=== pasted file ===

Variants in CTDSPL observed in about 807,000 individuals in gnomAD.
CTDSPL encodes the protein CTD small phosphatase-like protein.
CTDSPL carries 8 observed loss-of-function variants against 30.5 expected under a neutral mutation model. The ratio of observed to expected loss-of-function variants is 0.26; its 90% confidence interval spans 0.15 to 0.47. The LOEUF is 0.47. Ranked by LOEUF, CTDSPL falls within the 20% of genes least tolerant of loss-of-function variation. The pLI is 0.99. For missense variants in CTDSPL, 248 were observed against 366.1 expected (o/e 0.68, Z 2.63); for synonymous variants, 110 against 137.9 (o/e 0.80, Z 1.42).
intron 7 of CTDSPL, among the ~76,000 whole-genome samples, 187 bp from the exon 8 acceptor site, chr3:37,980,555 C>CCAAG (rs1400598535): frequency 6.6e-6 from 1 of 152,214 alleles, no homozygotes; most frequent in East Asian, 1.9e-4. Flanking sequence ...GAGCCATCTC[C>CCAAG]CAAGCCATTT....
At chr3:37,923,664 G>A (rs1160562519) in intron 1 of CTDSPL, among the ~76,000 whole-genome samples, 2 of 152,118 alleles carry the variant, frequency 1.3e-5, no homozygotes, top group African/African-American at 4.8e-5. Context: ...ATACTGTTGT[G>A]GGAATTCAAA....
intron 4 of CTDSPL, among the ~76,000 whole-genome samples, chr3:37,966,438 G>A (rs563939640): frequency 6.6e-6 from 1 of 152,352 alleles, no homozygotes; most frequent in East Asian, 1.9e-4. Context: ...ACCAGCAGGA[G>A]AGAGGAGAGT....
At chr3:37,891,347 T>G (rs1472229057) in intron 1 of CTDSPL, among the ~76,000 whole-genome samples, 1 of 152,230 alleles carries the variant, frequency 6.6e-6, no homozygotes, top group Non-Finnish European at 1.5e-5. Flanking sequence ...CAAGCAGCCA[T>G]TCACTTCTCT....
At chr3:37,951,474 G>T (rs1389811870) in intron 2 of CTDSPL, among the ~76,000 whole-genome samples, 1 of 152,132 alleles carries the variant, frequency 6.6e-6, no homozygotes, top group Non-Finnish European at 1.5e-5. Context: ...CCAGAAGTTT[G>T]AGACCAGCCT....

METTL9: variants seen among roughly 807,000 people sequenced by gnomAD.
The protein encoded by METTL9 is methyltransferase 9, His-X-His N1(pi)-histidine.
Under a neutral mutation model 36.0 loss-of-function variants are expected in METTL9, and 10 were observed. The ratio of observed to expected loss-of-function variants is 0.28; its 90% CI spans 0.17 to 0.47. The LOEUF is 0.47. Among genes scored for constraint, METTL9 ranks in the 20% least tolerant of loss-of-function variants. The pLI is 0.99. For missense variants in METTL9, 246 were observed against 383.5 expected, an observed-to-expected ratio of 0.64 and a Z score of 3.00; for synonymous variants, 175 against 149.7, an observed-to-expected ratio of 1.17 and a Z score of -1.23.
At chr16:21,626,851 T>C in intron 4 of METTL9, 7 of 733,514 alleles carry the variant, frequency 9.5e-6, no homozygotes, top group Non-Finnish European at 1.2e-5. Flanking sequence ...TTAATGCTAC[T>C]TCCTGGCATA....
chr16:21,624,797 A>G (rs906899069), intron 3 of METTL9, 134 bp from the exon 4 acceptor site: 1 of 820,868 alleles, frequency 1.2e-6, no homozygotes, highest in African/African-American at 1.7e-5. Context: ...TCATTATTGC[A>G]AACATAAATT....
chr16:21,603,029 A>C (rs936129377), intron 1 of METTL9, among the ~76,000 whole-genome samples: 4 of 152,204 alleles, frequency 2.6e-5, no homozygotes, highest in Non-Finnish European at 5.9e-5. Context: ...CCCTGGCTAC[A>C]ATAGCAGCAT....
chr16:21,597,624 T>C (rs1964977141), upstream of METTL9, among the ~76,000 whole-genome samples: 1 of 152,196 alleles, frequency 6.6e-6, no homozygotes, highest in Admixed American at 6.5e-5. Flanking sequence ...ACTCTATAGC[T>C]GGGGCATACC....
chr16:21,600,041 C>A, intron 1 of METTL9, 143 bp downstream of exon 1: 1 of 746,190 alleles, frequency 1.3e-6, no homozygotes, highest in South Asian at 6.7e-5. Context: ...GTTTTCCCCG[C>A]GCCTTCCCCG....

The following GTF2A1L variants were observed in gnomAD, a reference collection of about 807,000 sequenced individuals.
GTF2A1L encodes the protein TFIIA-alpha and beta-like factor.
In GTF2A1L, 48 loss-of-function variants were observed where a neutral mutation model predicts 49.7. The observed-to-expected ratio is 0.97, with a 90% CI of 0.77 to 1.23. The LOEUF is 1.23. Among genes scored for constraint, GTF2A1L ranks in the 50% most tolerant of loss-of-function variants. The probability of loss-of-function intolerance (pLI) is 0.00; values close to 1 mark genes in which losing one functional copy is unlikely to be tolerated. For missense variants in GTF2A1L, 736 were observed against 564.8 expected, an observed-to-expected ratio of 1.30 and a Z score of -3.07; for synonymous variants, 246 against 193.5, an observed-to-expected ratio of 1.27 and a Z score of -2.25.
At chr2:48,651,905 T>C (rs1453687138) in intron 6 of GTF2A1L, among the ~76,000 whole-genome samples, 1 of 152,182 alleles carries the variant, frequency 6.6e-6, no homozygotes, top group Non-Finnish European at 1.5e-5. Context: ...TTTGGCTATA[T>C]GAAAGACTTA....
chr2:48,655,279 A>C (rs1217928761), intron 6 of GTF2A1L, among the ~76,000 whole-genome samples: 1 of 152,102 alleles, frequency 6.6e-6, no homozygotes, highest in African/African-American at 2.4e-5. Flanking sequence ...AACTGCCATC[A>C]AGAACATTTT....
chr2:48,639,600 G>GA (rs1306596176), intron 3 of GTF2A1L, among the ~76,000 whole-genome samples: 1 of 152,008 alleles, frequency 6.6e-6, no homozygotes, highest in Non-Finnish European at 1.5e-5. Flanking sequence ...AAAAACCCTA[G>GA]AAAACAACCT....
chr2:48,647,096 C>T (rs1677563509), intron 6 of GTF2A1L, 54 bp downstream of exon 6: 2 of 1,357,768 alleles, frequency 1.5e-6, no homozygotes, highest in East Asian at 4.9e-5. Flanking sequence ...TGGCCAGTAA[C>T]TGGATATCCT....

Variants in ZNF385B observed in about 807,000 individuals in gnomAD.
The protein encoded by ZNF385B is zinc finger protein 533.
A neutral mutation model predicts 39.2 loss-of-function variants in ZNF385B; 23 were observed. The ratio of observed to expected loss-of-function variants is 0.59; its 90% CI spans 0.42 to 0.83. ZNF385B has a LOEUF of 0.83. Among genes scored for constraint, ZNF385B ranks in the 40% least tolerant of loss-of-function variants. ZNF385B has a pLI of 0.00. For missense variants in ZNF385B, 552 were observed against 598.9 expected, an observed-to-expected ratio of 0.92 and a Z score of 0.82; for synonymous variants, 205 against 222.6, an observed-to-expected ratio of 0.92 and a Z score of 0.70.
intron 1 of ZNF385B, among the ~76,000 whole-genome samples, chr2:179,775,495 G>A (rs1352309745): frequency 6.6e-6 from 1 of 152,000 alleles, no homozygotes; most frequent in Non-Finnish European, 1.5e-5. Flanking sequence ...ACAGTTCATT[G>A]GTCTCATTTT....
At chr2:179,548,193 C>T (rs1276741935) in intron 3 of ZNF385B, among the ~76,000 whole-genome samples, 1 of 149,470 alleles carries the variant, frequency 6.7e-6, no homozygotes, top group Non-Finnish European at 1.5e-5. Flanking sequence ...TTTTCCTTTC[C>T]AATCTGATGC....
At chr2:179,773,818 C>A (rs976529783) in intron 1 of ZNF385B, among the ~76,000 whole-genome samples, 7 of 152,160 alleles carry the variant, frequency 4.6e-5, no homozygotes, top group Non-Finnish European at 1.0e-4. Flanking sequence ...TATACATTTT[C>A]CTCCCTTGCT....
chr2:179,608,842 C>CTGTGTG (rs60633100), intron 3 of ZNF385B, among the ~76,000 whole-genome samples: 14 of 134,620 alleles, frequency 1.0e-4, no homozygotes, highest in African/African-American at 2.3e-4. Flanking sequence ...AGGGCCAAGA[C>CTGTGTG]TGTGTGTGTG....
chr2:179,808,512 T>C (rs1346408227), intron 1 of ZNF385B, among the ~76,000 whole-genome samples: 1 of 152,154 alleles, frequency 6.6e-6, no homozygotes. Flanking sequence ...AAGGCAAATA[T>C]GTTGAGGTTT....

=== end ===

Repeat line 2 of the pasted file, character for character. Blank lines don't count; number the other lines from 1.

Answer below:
CTDSPL encodes the protein CTD small phosphatase-like protein.